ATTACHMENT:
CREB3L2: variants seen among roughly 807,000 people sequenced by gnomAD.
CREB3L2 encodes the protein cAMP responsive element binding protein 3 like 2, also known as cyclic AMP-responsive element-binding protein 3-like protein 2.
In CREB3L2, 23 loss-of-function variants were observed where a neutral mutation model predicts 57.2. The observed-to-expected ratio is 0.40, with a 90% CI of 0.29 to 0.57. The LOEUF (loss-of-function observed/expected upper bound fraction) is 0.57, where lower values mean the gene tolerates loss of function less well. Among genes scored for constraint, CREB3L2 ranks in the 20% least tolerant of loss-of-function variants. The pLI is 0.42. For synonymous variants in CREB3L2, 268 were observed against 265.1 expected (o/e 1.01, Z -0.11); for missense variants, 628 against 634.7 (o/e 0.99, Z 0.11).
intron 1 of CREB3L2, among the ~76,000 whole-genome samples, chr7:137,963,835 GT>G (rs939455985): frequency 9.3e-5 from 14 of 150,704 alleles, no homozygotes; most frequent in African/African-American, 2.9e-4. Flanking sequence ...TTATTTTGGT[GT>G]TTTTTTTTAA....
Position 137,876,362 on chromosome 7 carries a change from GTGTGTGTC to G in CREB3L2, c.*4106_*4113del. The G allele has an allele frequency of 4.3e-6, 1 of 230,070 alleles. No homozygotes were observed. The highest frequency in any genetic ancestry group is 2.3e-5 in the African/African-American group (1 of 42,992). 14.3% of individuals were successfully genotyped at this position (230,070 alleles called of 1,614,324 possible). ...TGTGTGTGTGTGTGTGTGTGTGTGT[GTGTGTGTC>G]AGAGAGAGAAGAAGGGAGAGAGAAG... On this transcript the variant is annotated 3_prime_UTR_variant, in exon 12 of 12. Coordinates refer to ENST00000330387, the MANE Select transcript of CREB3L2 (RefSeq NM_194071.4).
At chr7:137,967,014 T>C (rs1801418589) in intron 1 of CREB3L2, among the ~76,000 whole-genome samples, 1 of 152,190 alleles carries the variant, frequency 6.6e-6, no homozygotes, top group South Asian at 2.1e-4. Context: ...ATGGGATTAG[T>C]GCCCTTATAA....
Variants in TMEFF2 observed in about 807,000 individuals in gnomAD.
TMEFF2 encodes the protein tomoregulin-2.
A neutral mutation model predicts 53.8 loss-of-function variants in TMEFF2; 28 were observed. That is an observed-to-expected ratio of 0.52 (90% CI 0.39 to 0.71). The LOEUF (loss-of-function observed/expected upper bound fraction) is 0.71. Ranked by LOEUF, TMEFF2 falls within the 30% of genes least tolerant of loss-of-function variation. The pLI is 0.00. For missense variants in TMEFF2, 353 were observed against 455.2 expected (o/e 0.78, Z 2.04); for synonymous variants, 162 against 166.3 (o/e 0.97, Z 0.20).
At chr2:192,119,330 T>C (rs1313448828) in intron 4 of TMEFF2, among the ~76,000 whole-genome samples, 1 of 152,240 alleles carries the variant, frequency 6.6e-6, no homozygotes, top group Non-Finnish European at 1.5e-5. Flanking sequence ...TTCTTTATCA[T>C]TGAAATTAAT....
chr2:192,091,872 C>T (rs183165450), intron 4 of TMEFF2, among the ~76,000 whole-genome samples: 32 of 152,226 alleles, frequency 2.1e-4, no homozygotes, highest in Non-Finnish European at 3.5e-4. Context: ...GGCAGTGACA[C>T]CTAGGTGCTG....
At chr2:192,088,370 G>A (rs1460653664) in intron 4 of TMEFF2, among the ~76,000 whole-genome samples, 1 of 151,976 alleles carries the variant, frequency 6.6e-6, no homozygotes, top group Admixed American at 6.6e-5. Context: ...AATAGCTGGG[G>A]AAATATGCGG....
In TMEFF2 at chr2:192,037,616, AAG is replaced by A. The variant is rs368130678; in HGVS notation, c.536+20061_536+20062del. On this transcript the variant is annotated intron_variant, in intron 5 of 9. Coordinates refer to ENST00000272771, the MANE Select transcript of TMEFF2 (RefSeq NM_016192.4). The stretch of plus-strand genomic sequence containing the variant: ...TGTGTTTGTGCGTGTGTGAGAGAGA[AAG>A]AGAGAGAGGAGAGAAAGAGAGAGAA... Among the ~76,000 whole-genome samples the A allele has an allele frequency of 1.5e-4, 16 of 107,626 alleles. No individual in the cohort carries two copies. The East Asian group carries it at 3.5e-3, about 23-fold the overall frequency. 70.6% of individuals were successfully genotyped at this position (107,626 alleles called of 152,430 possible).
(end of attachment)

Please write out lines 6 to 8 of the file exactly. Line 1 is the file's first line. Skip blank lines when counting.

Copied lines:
At chr7:137,967,014 T>C (rs1801418589) in intron 1 of CREB3L2, among the ~76,000 whole-genome samples, 1 of 152,190 alleles carries the variant, frequency 6.6e-6, no homozygotes, top group South Asian at 2.1e-4. Context: ...ATGGGATTAG[T>C]GCCCTTATAA....
Variants in TMEFF2 observed in about 807,000 individuals in gnomAD.
TMEFF2 encodes the protein tomoregulin-2.